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He’s been going there for tests for 10 years and was still at 3.6 W/kg? But then, within 10 months, he made it to 4.9 W/kg? What was he doing for the previous 9 years? Either there’s something odd about this, or this guy used to be at 5W/kg and got injured/ill and had to build back up, what they documented with the paper. Or maybe they picked him for the paper because of the potential those test showed. But why did they wait 10 years then?


Yeah. Like I said, look at all the gains he made in the first 8 or 9 weeks of just low intensity & sub-threshold work. Those were half or a little more than half of total gains for the entire 58 week period. That makes me think that his fitness level at week 10 is more indicative of proximal historic fitness.

Then basically yoy volume went up about as much as VO2max improved. So you could make the argument that he just ramped volume and saw some metrics improve along with that.

But for all those who ask what sort of training does it take to achieve ~5W/kg…well, here is a concrete example. It’s not that complicated. Maybe a half dozen different workouts. ~11.5hrs/wk. 4 strength training exercises.

If you do that will you also achieve…ummmm…

ill hold you to that! here i come :muscle: :leg:

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@mrpbenett with your attitude how could you NOT succeed??

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@splash…from the paper (just some add’l info):

“Depending on training status his maximal oxygen uptake (VO2max) during these years ranged from 65 to 76.5 mL/kg/min, peak aerobic power (Wmax) ranged from 5.76 to 6.52 W/kg and pwoer output at 3mmol/L blodd lactate concentration (Power3la-) ranged from 3.4 to 4.1 W/kg. Best test results were achieved 1yr prior to start of the present study.”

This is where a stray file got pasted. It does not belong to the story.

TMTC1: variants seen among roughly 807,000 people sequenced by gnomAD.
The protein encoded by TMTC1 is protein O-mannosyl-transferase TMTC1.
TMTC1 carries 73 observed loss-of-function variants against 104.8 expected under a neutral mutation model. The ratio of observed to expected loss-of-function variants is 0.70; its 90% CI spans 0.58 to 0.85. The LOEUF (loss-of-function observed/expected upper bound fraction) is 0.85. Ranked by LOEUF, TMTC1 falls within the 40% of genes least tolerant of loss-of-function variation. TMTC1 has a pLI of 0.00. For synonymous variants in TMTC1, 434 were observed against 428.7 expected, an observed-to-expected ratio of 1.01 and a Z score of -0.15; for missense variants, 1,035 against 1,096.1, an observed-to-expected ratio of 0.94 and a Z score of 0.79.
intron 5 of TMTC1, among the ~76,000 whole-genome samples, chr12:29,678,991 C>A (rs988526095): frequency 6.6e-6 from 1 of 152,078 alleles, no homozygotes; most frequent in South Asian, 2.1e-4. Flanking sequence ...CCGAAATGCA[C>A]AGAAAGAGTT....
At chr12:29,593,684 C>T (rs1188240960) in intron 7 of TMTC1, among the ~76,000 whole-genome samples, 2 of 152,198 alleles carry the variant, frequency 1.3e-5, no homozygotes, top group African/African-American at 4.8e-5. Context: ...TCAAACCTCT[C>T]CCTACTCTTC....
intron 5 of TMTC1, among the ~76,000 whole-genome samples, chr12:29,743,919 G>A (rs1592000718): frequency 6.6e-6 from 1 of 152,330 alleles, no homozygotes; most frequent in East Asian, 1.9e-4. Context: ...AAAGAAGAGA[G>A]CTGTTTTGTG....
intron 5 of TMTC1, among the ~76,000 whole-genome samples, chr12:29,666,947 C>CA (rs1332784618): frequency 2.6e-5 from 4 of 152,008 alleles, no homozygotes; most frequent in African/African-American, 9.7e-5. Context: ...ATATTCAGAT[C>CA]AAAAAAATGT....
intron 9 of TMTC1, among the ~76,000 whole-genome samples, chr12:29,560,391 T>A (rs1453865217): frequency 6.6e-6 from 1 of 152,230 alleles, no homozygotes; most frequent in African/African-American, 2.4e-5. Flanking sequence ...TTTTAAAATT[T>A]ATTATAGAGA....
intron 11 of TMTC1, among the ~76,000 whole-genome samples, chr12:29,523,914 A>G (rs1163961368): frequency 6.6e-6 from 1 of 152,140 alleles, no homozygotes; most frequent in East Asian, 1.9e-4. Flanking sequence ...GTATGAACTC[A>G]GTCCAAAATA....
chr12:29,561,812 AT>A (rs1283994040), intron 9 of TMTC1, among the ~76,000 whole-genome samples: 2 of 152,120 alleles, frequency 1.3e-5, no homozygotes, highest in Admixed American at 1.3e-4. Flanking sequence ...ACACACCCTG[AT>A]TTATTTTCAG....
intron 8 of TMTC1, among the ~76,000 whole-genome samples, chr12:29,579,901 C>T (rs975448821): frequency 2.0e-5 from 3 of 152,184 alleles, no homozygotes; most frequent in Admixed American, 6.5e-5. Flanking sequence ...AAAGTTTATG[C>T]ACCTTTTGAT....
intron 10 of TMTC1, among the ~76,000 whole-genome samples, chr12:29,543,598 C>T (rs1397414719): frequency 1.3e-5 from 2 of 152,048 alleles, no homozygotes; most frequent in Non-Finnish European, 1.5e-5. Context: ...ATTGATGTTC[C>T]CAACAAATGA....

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So he probably did some sort of rebuilding. Still going from 4.1 to 4.9 W/kg is a pretty decent improvement. Maybe there is an element of long term fatigue, recovery, and enhanced focus on training in it. Or his previous training was just plain wrong.

my first reaction too, and I’ve got 21 years on that dude. At least my hair is still (mostly) black and I look 40s :joy:

For the last 2.5 months during loading weeks (3 out of 4) I’m putting in roughly 10 hours/week cycling, and 2 hours/week strength+plyo+coreStability. The cycling is zone2 and some HIIT (mostly sprinting). Prior to that was 2.5 months of resistance training with 3-6 hours/week zone2 riding.

Haven’t done any formal field testing, but about 2 weeks ago I started seeing results. Already seeing my highest zone2 power “ever” which is since buying a road bike 5 years ago and starting to train with power in late 2016:

  • Nov 2017: ~165W
  • Nov 2018: ~155W
  • Nov 2019: ~150W
  • Nov 2020: ~175W


edit: NOT 10 hours/week cycling, its less than I thought:

that last bar will go up this weekend, its is a deload week and should finish at 5.5-6 hours


@splash I don’t think that data invalidate your key question, though: What the heck was he doing before?

Especially as there doesn’t seem to be anything revolutionary in his new training.

@bbarrera you should give yourself a pat on the back. Or tip your coach. :wink:

Seriously, do the math, the subject in the paper started with a TR equivalent FTP of 327W. He finished with a TR equivalent FTP of 375W. That’s a 14.7% improvement.

From November of 2019 to November of 2020 you bested him by 2% improvement in the same metric. And you did it in 8weeks less time. So, GOOD JOB!